It’s compelling from start to finish, largely down to the great charisma of Hanna herself and the passion that underlines her continuing political activism.
As a child, Hanna became politicised when her mother took her to various marches and events. Her mother also did anti-domestic violence work. Yet this was something that both of them had to keep from Hanna’s father, as he disapproved.
Nonetheless, Hanna read up on the history of women’s liberation – core texts of the struggle such as Betty Friedan’s The Feminist Mystique. She became an outspoken radical feminist and activist for various other causes (speaking out against acts of police brutality and Bush’s 2003 invasion of Iraq, for example).
Bikini Kill’s music pulsates with anger, quite literally screaming out to be heard, precisely because Hanna felt that she couldn’t speak out for so much of her life. This is what ultimately makes it so powerful.
She paid dearly for daring to sing about subjects that many people didn’t want to hear about. The mainstream media constantly belittled her and misrepresented her to such an extent that she finally withdrew from the public eye and Bikini Kill was disbanded.
Even so, she ventured on a solo side project, The Julie Ruin, and formed another band, Le Tigre. The Julie Ruin was particularly revolutionary as she crafted all of the music in her own bedroom. Listening to the unpolished quality of this music, you feel that you can create your own album, in your own room, using the same limited tools Hanna had to her disposal – the ultimate in punk do-it-yourself methodology.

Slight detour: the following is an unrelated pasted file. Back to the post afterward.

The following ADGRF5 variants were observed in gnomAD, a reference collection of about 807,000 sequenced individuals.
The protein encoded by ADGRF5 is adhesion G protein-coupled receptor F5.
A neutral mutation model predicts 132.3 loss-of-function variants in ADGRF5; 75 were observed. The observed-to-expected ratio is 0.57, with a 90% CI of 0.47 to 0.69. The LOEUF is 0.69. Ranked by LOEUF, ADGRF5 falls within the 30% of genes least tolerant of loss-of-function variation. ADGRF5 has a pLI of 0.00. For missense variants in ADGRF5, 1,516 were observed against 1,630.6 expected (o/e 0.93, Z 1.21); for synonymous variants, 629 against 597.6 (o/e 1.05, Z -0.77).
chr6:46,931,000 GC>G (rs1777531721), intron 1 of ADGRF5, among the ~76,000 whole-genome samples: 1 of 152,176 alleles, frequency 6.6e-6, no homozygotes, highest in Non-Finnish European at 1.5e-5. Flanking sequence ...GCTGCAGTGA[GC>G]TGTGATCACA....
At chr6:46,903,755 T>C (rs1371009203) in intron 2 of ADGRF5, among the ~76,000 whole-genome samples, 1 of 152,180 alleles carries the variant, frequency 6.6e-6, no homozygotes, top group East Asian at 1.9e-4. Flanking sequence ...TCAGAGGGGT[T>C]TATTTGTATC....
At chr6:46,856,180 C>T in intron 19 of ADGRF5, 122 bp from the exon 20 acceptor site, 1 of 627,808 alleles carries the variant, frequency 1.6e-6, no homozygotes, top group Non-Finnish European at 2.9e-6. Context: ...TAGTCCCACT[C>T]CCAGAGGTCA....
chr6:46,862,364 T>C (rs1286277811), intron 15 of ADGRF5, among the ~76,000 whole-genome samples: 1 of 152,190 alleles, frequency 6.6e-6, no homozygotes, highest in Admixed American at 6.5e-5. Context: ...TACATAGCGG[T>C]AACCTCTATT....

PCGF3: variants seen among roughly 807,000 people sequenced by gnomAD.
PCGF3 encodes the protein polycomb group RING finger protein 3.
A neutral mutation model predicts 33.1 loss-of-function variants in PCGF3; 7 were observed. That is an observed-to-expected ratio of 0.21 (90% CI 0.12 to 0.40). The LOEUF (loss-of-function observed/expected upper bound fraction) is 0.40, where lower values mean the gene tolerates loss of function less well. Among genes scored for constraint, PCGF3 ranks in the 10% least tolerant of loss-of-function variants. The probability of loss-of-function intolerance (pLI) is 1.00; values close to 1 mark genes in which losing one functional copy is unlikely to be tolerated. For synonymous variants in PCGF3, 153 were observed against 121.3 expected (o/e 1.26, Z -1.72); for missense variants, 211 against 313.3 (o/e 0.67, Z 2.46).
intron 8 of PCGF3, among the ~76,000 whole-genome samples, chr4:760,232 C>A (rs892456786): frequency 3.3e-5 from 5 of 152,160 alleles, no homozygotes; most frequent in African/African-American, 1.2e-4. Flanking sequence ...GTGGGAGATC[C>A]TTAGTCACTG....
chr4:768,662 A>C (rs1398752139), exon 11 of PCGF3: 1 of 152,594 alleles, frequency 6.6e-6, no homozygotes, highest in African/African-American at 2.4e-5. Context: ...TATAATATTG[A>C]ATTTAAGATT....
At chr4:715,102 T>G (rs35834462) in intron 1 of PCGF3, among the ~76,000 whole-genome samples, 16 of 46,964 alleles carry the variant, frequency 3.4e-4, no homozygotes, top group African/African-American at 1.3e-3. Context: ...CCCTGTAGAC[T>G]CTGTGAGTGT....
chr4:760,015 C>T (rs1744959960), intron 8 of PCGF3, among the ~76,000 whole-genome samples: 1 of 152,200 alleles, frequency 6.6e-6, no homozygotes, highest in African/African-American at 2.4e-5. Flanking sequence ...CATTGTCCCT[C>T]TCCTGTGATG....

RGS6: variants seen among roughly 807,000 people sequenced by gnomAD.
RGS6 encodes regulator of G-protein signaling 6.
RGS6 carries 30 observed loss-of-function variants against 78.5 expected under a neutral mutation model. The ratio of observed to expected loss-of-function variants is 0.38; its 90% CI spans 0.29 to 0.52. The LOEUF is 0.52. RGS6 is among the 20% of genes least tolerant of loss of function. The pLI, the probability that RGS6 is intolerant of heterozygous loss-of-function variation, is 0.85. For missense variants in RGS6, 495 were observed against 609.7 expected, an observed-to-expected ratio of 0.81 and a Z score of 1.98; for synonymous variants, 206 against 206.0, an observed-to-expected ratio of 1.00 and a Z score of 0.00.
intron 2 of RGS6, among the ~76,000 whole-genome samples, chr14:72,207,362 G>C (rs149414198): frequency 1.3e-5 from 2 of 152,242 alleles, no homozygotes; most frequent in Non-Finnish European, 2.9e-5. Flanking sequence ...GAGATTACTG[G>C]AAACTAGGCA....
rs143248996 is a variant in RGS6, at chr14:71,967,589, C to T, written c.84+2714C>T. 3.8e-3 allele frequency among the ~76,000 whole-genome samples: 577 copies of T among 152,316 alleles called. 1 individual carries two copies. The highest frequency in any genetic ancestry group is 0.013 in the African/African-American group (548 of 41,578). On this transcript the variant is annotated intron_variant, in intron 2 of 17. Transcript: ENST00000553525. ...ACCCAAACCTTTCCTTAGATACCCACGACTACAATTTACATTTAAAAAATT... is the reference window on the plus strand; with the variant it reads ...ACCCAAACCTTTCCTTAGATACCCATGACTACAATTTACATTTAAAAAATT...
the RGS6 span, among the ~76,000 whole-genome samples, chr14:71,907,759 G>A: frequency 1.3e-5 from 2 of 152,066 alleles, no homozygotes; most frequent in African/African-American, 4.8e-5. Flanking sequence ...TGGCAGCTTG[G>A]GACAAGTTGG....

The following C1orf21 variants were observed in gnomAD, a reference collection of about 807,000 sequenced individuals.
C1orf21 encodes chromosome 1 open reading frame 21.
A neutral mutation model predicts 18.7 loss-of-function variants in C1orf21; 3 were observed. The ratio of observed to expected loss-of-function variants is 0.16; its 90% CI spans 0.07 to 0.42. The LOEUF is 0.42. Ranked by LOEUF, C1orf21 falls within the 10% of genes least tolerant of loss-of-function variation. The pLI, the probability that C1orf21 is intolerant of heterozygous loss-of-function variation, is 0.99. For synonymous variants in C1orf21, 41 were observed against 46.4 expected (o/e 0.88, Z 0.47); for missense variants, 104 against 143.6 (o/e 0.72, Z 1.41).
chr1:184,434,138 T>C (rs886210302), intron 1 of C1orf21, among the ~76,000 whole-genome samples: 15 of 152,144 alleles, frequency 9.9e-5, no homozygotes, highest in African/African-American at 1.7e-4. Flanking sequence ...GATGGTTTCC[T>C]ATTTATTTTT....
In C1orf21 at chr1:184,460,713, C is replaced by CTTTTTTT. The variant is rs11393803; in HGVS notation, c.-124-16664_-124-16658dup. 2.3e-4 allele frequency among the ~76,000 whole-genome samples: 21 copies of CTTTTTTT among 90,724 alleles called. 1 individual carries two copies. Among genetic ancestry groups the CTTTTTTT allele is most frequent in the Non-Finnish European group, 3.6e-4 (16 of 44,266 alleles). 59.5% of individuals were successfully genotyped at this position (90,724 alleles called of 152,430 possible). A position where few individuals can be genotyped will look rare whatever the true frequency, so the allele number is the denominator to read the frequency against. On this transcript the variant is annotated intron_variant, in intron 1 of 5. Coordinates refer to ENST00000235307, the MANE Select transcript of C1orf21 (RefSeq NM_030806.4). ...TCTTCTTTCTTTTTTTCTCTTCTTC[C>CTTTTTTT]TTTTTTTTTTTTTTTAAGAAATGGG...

The Punk Singer offers up an unequivocally respectful portrayal of Hanna that even verges on sycophantic, that can’t be denied. Yet this doesn’t detract from the fact that she is an exhilarating, unique artist, worlds apart from the over sexualised female performers who flood today’s mainstream music scene, and who comparatively have few positive messages to convey.
Her battle with debilitating Lyme’s disease emerges as you watch the film, and this only highlights how exceptionally strong Hanna is – she still forced herself to make an album against the backdrop of her illness.
I urge you to watch The Punk Singer, for an incredible insight into a key figure of the riot grrrl movement, who, similarly to Viv Albertine of The Slits, still hasn’t fully received the acclaim she deserves.
I leave you with what has now become one of my favourite Bikini Kill tracks, Feels Blind: